The Secretary of Commerce announced a new target date of October 5, 2020, to conclude 2020 Census self-response and field data collection operations.
Get counted and remind your family, friends and neighbors to complete their census at my2020census.govor by calling 844-330-2020.
Legislative Sessions Constrained by COVID-19 Must Not Exclude Community Participation
by Morgan Craven, J.D.
On any given day, nearly any member of the public is able to walk into a state Capitol building. The buildings themselves are supposed to function as open centers where elected officials and their constituents can interact and address important issues. But, like in almost every other system in our lives, COVID-19 has threatened to intensify the already-inequitable access to our state legislatures.
Of course, states should put in place measures to protect the health of individuals and the public. But, if those protections are not intentionally coupled with measures to ensure safe access to policymaking spaces, they could harm the ability of communities of color, immigrant communities, poor communities, and others who have been historically marginalized and excluded to influence the decisions that impact their lives.
In this article, Morgan Craven, J.D., outlines seven recommendations to expand constituent access during legislative sessions.
The people peacefully protesting in support of Black lives are part of a movement demanding the most basic in human dignities and many of those demands started in schools, where Black students are more likely to be harshly punished and denied opportunities to succeed. Discipline and educational disparities impact students for their entire lives.
Many adults in schools perceive Black students’ behavior, even when innocent and age-appropriate, as deserving of punishment, arrest and unnecessary intervention. Schools affirm and perpetuate deeply-rooted systemic prejudices when they suspend, paddle, and arrest students and punish Black students disproportionately.
In this article, Morgan Craven, J.D., discusses how we must break down the discriminatory school discipline and policing system and build up excellent and equitable public schools for all students.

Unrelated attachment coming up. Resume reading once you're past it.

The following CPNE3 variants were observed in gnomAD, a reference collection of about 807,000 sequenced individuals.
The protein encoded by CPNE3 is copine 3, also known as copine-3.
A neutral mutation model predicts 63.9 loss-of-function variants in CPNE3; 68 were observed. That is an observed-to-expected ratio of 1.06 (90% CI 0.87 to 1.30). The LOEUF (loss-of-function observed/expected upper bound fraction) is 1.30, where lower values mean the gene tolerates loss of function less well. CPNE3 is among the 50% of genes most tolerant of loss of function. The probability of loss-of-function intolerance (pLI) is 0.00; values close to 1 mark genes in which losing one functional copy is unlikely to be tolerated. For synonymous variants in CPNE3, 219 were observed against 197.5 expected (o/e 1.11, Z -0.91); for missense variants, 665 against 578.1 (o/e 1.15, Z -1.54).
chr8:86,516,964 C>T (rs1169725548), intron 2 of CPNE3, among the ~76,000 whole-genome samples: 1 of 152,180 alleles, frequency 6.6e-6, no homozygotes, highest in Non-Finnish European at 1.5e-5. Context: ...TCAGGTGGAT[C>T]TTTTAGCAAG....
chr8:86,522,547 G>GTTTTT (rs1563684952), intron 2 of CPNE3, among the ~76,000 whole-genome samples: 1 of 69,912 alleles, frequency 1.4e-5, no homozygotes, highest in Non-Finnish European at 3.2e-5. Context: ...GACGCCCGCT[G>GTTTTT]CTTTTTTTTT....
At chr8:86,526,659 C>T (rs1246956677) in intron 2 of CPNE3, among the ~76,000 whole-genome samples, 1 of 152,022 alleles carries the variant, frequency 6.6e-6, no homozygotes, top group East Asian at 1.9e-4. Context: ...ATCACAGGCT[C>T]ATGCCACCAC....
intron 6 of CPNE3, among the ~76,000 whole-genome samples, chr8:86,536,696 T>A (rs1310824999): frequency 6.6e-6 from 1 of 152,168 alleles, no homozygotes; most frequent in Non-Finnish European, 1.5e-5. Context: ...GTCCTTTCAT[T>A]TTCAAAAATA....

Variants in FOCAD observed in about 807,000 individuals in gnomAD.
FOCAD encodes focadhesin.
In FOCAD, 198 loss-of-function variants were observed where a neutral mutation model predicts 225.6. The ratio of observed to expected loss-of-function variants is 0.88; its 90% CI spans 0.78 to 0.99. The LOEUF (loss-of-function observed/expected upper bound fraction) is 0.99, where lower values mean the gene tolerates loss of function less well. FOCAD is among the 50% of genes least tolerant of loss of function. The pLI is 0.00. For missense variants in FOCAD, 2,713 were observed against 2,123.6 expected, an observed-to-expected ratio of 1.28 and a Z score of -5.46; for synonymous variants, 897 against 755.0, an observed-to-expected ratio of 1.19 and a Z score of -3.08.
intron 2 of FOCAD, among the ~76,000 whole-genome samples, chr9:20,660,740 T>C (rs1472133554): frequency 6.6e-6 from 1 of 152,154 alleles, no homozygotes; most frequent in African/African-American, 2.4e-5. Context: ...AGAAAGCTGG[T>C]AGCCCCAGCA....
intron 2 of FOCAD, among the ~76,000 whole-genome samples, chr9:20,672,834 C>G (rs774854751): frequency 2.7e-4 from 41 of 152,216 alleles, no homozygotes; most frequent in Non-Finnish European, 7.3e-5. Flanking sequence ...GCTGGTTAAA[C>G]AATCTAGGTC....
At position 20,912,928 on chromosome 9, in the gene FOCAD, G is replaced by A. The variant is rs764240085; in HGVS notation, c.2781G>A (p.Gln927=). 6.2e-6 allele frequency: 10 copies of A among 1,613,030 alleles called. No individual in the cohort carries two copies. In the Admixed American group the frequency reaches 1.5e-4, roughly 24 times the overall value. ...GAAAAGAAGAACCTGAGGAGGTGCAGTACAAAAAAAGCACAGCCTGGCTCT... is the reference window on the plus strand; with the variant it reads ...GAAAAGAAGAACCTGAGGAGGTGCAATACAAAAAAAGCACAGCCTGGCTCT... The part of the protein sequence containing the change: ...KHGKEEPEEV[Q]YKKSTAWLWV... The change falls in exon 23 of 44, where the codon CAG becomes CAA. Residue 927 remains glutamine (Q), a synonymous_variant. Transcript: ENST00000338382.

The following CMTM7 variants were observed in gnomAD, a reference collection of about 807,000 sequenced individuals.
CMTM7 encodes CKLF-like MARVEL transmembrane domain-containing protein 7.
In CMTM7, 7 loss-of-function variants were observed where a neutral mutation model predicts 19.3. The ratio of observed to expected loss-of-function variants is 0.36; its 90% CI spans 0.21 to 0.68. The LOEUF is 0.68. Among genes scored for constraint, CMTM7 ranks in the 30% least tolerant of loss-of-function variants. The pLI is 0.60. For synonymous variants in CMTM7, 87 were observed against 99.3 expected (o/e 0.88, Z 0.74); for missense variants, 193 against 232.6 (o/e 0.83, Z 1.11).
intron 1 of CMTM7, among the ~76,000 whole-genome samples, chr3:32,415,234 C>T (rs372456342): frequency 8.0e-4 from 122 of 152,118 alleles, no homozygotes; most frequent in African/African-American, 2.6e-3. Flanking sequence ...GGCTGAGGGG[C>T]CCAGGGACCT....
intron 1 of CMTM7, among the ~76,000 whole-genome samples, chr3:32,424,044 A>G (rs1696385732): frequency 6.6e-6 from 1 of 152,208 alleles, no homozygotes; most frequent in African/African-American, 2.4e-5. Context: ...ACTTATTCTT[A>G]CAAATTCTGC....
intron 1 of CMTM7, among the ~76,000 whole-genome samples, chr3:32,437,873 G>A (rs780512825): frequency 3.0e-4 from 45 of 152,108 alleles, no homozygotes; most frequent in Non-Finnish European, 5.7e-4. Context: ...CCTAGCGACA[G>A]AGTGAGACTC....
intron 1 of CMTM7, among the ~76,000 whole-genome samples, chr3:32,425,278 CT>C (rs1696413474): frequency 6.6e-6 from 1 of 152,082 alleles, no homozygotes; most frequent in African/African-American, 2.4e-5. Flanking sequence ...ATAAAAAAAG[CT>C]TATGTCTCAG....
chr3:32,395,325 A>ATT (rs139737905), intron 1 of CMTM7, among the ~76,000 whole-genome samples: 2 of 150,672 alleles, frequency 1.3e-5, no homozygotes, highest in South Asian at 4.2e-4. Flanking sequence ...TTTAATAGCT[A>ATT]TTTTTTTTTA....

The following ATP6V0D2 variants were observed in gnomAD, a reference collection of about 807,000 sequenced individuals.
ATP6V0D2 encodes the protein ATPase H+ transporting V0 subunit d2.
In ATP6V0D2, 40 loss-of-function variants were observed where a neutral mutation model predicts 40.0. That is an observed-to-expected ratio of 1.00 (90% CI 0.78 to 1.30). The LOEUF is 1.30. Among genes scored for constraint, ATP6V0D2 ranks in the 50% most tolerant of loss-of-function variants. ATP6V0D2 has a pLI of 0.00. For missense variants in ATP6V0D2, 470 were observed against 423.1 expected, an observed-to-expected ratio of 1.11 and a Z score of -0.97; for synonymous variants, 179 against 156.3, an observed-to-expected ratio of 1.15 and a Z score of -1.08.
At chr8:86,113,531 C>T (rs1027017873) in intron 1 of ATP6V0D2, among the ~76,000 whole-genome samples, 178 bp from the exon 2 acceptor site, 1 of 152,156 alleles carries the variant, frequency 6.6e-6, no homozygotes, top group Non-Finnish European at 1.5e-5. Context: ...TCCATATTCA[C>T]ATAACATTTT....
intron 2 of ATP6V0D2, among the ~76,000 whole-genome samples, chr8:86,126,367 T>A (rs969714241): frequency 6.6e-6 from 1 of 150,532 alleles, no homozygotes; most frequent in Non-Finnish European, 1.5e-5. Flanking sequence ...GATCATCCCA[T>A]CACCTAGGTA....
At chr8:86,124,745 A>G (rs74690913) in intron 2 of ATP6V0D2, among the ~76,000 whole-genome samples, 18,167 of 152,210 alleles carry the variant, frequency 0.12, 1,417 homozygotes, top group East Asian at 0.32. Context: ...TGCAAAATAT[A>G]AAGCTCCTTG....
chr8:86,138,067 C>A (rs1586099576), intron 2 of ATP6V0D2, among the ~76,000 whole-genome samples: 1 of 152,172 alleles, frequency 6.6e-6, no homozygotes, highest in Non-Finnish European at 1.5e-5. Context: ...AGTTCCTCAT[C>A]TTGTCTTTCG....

A People-powered Plan for the Texas Legislative Session
by Ana Ramón
COVID-19 will make traditional ways of advocating in the Texas Legislature nearly impossible, and details on the session itself are still unknown, even to many legislators and staff. Sessions will likely rely on online platforms, and the legislature might limit the scope of issues it addresses during the session.
Policymakers may feel less inclined to carry legislation brought to them by constituents and advocacy groups. In this article, Ana Ramón describes how advocates can rely on three key strategies to ensure involvement of students, families and others impacted by policies: robust digital advocacy, direct actions and network building.
Trump Administration, During a Pandemic, Moves to Privatize Education No Matter the Cost to Most Children
by Chloe Latham Sikes, Ph.D.
The Trump Administration makes no secret that it favors strategies to privatize education. And even as educational stakeholders struggle to navigate learning in the pandemic, the U.S. Department of Education continues to attempt to siphon public education COVID-19 relief funds to benefit private schools.
Dr. Chloe Latham Sikes lists numerous such actions over the past nine months – from proposing new rules that would allow religious institutions to receive federal grants even as they discriminate against vulnerable student populations to the Department instructing public school districts to hand over their emergency COVID-19 relief funds to private schools based on the number of students from limited incomes.
Each of these actions contributes to private education strategies that undercut public schools to funnel money to campuses that select fewer students.
Every Scientist Named in the Texas Science Standards is a White Male –
IDRA Recommends Accurate Inclusion of Scientific History
by Stephanie Garcia, Ph.D.
Currently, every scientist named in the K-12 Texas Essential Knowledge and Skills (TEKS) is a white male, while students of color make up about 72% of the public school population. A critical part of preparing students for success is teaching curricula that accurately portray the contributions of the diverse individuals and communities that make up the nation’s collective story.
As state board members consider revisions to the Science TEKS, IDRA urges inclusion of the scientific achievements of women and persons of color – groups that are shamefully absent from current standards.
In this article, Dr. Stephanie Garcia says it is critical to include this representation to ensure that students can see themselves reflected in their coursework and to prepare educators to do their best. Revisions to science TEKS should be mindful of the contributions of women and persons of color throughout history and facilitate conversations about social issues to increase student understanding and promote authentic learning.
The Intercultural Development Research Association is an independent, non-profit organization. Our mission is to achieve equal educational opportunity for every child through strong public schools that prepare all students to access and succeed in college. IDRA strengthens and transforms public education by providing dynamic training; useful research, evaluation, and frameworks for action; timely policy analyses; and innovative materials and programs.
IDRA works hand-in-hand with hundreds of thousands of educators and families each year in communities and classrooms around the country. All our work rests on an unwavering commitment to creating self-renewing schools that value and promote the success of students of all backgrounds.